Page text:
Lesli Margherita (Matilda): The one person (besides the Matildas) in that show that I thought was a sure Tony nominee was this woman.  Her over-the-top performance is a stand out in a show full of them.  She's both hilarious and repulsive, usually that the same time.  And yet, you can't help but like this Mrs. Wormwood, anyway. I can't help but love this "loud" woman!

Patina Miller (Pippin): About ten minutes into Pippin, I knew she was going to win the Tony.  I know some people take issue with her intensity, but I found her Leading Player to be menacing, dangerous, captivating... and mesmerizing.  Dangerous and perfect.

Jerry Mitchell (Kinky Boots): After major snubs for Dirty Rotten Scoundrels, Legally Blonde, and most egregiously for Hairspray, it was nice that the guy won his second Tony for this show's choreography.  Perhaps now the awards-givers will start to take his staging/direction more seriously.  He's really good at elevating middling material, and his work is never boring to watch and almost always affecting.

Kristine Nielsen (Vanya and Sonia and Masha and Spike): A scene-stealer in a show full of them, she was riveting even when she wasn't saying a word.  The woman knows her way with a look as much as she does physical comedy and razor-sharp line readings.  And she was awesome in The Sound of Music LIVE, even if she was barely recognizable!

Lisa O'Hare (A Gentleman's Guide to Love and Murder): It would be so easy to write off anyone in this show who isn't Jefferson Mays, but this super sexy songstress owns the stage every single second she's on the stage.  And, boy, can she sing!  I've been waiting for her to hit Broadway since her acclaimed turn in My Fair Lady, which never made it to New York.  But at last, she's here.  Let's hope she stays.

Jonny Orsini (The Nance, Macbeth): OK, I'll admit the guy is sexy as hell, and his full monty moment in The Nance was memorable.  But there was a whole lotta play left after that three minutes, and he delivered a charming, heart-wrenching performance.  His chemistry with Nathan Lane was palpable all the way up in the balcony of the Lyceum, and he held his own making his debut with a cast full of veterans.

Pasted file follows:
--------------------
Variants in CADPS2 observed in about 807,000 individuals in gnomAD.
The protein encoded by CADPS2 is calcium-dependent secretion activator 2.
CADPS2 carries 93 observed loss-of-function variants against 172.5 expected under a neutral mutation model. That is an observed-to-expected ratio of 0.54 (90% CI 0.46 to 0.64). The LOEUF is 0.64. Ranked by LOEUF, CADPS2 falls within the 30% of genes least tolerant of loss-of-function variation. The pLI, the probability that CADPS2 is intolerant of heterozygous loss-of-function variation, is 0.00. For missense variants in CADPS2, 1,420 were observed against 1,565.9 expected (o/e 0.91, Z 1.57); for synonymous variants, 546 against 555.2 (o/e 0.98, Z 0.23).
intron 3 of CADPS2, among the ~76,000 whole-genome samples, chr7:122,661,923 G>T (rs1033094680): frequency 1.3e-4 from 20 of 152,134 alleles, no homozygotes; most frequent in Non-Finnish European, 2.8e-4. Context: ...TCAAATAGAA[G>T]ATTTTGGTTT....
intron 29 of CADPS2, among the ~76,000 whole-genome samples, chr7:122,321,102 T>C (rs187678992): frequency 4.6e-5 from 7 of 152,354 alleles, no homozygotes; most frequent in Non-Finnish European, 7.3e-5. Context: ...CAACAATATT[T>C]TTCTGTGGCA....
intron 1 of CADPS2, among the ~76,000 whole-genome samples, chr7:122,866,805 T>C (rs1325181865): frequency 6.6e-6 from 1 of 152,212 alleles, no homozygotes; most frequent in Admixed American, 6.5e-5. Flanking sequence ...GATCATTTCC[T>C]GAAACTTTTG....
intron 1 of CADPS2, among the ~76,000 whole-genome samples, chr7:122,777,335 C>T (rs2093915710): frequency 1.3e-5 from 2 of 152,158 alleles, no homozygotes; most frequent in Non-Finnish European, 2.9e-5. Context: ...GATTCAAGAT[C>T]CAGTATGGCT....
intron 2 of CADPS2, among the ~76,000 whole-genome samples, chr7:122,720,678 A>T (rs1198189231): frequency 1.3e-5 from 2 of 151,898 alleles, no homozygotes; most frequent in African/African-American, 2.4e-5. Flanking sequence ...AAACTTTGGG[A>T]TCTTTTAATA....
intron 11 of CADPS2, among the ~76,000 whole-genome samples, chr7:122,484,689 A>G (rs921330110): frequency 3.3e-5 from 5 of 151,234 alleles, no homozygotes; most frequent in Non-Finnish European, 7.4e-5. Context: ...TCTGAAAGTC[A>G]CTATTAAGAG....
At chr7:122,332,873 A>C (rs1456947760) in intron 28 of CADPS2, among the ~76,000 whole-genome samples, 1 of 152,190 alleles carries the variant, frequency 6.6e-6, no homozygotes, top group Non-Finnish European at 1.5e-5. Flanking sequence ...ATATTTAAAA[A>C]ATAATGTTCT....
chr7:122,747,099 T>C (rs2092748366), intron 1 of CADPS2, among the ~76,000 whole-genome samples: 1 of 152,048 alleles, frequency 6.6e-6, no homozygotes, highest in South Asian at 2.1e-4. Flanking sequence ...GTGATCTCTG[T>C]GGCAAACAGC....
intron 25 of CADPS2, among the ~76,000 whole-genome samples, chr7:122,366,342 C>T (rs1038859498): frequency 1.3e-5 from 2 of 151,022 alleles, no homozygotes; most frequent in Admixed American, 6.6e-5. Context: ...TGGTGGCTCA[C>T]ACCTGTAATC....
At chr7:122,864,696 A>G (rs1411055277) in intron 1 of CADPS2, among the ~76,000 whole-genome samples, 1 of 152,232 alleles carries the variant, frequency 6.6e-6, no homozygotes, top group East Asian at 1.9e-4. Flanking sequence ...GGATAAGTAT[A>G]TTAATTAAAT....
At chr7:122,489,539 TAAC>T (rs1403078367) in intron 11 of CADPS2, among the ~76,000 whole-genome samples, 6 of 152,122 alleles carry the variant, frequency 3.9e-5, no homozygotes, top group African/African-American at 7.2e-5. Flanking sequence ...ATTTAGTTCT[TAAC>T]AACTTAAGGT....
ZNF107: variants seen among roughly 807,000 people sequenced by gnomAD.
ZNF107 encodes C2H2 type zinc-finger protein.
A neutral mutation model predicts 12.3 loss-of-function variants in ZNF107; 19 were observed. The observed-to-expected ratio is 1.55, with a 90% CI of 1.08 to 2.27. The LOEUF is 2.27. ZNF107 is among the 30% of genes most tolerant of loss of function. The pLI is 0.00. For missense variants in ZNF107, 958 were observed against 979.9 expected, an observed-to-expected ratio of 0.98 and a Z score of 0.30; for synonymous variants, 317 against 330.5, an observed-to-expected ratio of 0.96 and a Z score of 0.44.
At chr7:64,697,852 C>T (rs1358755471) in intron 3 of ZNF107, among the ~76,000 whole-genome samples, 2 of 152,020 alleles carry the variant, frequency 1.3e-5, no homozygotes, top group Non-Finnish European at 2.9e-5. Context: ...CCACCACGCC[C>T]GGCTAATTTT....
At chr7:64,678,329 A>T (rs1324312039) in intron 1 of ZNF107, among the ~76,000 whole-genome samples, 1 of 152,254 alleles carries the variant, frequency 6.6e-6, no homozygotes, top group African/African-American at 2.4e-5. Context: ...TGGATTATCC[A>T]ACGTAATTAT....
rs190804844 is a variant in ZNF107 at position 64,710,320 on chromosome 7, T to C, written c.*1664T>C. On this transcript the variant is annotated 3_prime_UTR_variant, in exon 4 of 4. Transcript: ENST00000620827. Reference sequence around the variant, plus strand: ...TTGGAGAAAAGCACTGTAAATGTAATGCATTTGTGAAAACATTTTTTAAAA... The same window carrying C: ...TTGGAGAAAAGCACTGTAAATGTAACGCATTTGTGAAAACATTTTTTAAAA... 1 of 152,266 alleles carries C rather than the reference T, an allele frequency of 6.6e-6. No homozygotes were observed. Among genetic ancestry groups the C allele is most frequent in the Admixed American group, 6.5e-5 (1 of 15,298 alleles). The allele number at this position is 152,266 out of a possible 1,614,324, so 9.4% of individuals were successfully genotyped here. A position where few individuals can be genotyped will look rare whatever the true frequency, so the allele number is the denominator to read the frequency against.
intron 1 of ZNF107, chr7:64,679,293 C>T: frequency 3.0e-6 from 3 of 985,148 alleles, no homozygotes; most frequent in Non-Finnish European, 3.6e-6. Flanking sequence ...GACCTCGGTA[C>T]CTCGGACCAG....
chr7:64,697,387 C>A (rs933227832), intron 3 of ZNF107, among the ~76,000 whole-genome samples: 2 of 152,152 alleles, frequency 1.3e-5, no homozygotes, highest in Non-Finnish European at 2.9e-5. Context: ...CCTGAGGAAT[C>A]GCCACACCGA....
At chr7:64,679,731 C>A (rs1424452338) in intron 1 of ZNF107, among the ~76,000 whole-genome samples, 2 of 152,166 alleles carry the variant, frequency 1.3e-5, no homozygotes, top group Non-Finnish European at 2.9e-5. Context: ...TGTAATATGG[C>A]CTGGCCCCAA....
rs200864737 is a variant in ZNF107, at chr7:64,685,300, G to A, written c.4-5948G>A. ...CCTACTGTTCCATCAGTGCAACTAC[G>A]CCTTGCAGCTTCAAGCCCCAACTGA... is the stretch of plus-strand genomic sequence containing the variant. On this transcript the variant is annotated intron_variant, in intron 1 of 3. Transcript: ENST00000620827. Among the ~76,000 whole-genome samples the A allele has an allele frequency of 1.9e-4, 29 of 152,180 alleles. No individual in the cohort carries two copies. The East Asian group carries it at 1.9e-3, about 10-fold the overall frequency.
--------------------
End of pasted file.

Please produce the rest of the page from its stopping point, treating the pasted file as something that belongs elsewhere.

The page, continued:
Laura Osnes (Rodgers + Hammerstein's Cinderella): She probably is getting tired of hearing that she is perfect for the role, but that doesn't make it any less true.  Lovely to look at and sweet on the ears, she is also an excellent musical comedy actress, both in the traditional sense and in modern terms.  And anyone who can be superb as Bonnie Parker one year and Cinderella the next is rare indeed.

Bryce Pinkham (A Gentleman's Guide to Love and Murder): I've loved this guy since Bloody Bloody Andrew Jackson, and thought he was great in Ghost, but this show has really put him on my short list of actors I'll drop everything to see.  He manages to make you feel for him even though he's the bad guy in a farce.  And he does it all here, too: physical comedy, low brow humor, and he sings like a bird.  So he doesn't play 8 characters?  The one he does play will, hopefully earn him some Tony respect this spring.

Zachary Quinto (The Glass Menagerie): He has illuminated the role of Tom Wingate in ways that others will try to replicate in future productions.  I doubt they will be as stunning as Quinto.  He is most brilliant in a production that is brilliant in every way.  People will be talking about his powerful performance for years to come.

Keala Settle (Hands on a Hardbody): People that didn't even see Hands on a Hardbody talk about her unforgettable "Joy of the Lord" number.  And it was terrific.  But so was the rest of her performance, which could have easily been a one note cliche.  The mark of real star quality is when you can't help but watch everything a certain actor is doing, even when they aren't talking.  Ms. Settle has just that kind of  presence.

Ryan Silverman (Passion): His was a wonderful, powerful and surprisingly emotional performance as Giorgio.  I also loved that he was equally suited to both Fosca and Clara (all three performances were perfection).  He helped to make this complex, difficult piece really work in ways it never really did before.

John Tiffany (The Glass Menagerie): I loved his less-is-more approach to Once, but he takes to an all new level with his gorgeously austere direction of a classic play.  That he has assembled a truly perfect cast is a bonus, to the real prize here: he has illuminated an old play in such a way that it is full of one revelation after another.  Whatever he does next will be, I'm sure, thought-provoking at the very least.  Sign me up!

Who should I have left off?  Who did I miss?  Email me at


  • Click on the "Year in Review" tab at the top of the page,

Coming soon:

  • The 10 Best (and 5 Worst) Shows of the Year
  • The Top Theatre News Story of 2013
  • Mr. and Ms. Broadway 2013